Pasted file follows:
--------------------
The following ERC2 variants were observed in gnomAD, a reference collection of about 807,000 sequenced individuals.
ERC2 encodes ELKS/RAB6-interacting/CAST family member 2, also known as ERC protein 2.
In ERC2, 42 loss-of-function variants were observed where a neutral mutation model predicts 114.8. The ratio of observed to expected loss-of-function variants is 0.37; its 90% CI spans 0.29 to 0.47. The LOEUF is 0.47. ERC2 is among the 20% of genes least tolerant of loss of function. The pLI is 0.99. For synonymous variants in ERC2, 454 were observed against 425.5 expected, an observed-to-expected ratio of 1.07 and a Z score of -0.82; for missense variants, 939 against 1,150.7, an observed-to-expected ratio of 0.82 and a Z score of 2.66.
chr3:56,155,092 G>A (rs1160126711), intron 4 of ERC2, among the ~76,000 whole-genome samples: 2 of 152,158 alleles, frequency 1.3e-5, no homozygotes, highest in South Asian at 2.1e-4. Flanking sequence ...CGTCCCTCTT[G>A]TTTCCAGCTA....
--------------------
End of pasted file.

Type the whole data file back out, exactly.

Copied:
The following ERC2 variants were observed in gnomAD, a reference collection of about 807,000 sequenced individuals.
ERC2 encodes ELKS/RAB6-interacting/CAST family member 2, also known as ERC protein 2.
In ERC2, 42 loss-of-function variants were observed where a neutral mutation model predicts 114.8. The ratio of observed to expected loss-of-function variants is 0.37; its 90% CI spans 0.29 to 0.47. The LOEUF is 0.47. ERC2 is among the 20% of genes least tolerant of loss of function. The pLI is 0.99. For synonymous variants in ERC2, 454 were observed against 425.5 expected, an observed-to-expected ratio of 1.07 and a Z score of -0.82; for missense variants, 939 against 1,150.7, an observed-to-expected ratio of 0.82 and a Z score of 2.66.
chr3:56,155,092 G>A (rs1160126711), intron 4 of ERC2, among the ~76,000 whole-genome samples: 2 of 152,158 alleles, frequency 1.3e-5, no homozygotes, highest in South Asian at 2.1e-4. Flanking sequence ...CGTCCCTCTT[G>A]TTTCCAGCTA....